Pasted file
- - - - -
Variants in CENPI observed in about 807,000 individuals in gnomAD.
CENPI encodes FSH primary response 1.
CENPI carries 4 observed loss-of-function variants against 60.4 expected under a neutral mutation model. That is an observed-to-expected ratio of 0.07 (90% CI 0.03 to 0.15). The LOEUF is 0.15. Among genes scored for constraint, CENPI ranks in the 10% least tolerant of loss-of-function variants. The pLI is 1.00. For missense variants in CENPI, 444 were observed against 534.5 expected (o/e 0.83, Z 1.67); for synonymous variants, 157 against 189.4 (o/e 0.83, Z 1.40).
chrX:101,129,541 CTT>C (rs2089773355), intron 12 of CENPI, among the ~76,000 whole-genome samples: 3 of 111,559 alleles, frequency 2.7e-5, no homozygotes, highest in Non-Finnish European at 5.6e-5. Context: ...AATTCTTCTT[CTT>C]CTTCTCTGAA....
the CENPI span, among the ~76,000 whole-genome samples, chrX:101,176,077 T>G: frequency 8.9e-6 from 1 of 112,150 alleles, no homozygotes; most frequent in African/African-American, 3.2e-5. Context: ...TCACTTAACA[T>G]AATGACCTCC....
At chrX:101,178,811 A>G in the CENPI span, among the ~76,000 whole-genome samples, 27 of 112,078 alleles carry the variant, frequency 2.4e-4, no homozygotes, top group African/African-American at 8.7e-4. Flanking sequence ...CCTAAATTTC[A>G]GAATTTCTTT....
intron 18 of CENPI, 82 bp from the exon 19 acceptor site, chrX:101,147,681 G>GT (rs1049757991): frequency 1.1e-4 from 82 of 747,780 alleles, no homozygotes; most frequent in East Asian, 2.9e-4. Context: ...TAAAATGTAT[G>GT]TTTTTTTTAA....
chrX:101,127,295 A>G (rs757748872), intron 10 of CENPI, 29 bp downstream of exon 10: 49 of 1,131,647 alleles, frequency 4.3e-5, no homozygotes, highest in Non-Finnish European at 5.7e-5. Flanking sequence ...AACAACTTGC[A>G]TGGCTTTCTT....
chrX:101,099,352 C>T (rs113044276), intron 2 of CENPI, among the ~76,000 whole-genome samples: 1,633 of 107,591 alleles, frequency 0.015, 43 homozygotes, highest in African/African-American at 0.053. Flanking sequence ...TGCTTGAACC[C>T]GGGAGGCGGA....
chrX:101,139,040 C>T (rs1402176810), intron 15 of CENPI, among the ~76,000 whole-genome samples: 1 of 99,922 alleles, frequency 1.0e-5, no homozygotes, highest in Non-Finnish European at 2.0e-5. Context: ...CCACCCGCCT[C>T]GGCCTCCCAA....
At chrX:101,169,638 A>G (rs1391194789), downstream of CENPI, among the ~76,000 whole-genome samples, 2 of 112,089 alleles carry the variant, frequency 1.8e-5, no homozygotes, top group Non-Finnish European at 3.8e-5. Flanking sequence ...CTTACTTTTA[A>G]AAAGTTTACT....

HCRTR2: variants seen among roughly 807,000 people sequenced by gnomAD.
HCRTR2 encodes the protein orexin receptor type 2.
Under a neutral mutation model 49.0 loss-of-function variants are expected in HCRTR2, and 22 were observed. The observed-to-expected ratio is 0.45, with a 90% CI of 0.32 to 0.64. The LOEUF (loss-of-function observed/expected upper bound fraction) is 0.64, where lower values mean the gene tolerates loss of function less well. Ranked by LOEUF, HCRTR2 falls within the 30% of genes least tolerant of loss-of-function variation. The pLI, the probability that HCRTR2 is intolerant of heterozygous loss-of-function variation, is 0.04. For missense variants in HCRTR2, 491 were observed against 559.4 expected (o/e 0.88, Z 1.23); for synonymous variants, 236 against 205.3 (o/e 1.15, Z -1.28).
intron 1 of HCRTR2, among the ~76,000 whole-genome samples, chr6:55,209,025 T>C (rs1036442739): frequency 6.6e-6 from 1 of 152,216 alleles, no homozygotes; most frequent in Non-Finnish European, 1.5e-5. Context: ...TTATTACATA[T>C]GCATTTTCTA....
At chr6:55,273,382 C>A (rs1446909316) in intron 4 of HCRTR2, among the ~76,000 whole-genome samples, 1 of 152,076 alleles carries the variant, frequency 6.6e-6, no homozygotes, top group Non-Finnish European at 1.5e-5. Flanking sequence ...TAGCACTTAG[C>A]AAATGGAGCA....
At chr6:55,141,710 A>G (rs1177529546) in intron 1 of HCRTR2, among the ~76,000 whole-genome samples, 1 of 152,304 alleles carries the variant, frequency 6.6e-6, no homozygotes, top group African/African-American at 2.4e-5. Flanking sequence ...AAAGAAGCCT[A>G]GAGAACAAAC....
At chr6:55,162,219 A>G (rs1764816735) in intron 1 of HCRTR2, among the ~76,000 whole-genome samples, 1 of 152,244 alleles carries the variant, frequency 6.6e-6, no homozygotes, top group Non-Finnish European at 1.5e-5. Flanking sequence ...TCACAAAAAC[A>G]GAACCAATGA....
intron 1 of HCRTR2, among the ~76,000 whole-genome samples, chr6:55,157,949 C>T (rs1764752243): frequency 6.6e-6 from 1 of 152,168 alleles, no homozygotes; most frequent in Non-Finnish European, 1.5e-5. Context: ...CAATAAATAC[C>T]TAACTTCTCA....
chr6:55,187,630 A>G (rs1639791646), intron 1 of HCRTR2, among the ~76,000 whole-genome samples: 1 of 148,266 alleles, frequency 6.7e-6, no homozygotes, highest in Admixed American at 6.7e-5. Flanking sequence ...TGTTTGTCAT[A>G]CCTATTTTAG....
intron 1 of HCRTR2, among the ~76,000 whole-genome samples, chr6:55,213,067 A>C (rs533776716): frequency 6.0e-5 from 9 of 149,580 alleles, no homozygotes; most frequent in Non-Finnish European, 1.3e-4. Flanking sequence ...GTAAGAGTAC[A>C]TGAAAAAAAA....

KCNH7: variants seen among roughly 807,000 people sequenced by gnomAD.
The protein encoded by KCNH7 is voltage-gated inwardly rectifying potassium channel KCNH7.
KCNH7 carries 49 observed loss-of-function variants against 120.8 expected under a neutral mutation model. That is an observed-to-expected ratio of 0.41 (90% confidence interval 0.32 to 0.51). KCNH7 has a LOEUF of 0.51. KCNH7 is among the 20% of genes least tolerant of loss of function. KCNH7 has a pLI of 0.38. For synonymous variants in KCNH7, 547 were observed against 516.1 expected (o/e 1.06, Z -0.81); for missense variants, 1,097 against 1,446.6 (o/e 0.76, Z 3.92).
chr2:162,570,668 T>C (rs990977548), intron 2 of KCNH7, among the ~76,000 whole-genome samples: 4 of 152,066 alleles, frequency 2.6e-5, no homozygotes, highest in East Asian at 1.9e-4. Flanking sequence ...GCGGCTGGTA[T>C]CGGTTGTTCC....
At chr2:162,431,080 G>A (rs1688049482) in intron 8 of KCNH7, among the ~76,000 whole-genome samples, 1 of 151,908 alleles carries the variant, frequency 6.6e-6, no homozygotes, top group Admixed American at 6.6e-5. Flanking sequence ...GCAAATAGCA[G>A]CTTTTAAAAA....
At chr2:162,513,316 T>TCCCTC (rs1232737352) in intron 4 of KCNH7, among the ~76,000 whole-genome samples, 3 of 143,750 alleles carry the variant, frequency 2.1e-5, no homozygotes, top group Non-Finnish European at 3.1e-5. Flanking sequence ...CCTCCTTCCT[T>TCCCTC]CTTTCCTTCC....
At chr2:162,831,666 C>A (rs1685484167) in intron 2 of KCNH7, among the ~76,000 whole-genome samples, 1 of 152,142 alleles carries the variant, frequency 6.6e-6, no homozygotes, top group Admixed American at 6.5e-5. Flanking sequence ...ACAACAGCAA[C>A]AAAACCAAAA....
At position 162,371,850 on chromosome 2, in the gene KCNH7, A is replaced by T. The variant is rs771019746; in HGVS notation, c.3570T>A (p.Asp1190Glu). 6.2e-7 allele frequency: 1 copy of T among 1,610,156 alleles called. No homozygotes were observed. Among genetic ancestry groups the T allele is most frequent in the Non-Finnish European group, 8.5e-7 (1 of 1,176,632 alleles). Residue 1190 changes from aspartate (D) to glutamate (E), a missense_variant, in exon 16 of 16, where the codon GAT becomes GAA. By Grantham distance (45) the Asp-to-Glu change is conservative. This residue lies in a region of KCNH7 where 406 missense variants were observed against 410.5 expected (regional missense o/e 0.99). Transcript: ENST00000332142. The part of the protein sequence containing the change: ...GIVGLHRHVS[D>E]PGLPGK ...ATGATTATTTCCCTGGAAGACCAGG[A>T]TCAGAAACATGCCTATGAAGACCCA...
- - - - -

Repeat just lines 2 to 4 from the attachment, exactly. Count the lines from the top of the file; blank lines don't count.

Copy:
CENPI encodes FSH primary response 1.
CENPI carries 4 observed loss-of-function variants against 60.4 expected under a neutral mutation model. That is an observed-to-expected ratio of 0.07 (90% CI 0.03 to 0.15). The LOEUF is 0.15. Among genes scored for constraint, CENPI ranks in the 10% least tolerant of loss-of-function variants. The pLI is 1.00. For missense variants in CENPI, 444 were observed against 534.5 expected (o/e 0.83, Z 1.67); for synonymous variants, 157 against 189.4 (o/e 0.83, Z 1.40).
chrX:101,129,541 CTT>C (rs2089773355), intron 12 of CENPI, among the ~76,000 whole-genome samples: 3 of 111,559 alleles, frequency 2.7e-5, no homozygotes, highest in Non-Finnish European at 5.6e-5. Context: ...AATTCTTCTT[CTT>C]CTTCTCTGAA....